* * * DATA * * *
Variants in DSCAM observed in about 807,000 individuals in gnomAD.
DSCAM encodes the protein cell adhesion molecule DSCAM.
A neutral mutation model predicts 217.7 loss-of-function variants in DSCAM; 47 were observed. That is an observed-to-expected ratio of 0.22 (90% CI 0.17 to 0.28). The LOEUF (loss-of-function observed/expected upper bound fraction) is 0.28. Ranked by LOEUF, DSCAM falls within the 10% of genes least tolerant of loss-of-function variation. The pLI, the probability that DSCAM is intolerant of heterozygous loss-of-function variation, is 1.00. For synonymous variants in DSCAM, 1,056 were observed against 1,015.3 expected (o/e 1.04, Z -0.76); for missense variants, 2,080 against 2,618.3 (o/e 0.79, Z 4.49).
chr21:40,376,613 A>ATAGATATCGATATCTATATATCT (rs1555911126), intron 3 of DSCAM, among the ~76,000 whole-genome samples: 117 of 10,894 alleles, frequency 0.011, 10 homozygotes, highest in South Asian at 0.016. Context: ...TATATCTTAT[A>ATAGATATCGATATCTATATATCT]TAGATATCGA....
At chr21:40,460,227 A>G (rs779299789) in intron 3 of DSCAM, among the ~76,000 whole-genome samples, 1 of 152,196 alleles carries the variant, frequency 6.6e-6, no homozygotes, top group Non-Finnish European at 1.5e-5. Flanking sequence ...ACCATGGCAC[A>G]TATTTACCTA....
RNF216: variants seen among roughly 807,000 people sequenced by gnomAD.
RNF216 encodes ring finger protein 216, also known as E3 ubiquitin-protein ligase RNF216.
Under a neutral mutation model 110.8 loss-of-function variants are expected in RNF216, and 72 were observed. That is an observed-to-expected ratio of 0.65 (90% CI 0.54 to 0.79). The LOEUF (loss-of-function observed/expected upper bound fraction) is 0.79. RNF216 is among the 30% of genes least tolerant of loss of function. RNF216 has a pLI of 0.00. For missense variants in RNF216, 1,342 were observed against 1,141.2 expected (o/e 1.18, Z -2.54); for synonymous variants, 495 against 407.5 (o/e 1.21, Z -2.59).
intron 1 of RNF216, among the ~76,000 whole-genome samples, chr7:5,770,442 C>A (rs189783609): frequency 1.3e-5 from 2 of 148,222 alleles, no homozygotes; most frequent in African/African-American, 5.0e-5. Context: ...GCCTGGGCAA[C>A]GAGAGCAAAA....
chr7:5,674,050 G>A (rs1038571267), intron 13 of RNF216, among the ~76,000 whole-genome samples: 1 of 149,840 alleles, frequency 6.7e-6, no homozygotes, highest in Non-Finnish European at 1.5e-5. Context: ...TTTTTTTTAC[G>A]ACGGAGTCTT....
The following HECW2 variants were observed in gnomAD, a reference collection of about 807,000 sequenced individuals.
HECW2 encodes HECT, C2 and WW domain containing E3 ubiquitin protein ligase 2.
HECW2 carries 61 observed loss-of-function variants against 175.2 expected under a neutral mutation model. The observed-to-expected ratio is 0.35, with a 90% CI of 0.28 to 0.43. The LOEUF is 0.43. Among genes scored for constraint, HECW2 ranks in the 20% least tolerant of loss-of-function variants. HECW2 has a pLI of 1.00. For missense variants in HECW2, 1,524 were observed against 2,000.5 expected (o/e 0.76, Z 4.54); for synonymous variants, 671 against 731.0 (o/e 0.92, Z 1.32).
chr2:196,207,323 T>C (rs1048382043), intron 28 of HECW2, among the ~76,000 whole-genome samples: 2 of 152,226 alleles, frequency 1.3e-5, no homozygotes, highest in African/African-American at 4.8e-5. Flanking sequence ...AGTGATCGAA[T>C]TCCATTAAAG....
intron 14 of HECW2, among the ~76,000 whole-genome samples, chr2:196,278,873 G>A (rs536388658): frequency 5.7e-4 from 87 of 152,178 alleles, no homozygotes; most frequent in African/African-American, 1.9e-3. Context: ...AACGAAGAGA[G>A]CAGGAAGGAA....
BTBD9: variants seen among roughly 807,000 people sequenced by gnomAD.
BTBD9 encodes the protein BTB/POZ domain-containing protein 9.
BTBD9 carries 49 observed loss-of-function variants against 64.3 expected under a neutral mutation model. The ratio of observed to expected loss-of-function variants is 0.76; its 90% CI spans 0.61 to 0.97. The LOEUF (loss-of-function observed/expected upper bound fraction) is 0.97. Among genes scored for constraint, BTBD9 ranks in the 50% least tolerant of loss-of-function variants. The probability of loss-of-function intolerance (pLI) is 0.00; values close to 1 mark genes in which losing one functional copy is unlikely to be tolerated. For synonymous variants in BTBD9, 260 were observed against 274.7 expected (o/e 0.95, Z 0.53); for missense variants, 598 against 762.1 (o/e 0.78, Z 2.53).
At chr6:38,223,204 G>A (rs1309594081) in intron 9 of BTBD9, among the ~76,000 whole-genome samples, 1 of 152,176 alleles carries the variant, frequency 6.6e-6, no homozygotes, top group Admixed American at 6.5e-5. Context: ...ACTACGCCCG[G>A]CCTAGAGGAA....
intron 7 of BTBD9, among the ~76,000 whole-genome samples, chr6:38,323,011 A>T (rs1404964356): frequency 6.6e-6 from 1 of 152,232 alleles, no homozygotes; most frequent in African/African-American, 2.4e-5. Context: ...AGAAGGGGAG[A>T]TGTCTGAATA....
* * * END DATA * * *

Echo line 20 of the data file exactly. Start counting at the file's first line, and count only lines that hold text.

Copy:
intron 7 of BTBD9, among the ~76,000 whole-genome samples, chr6:38,323,011 A>T (rs1404964356): frequency 6.6e-6 from 1 of 152,232 alleles, no homozygotes; most frequent in African/African-American, 2.4e-5. Context: ...AGAAGGGGAG[A>T]TGTCTGAATA....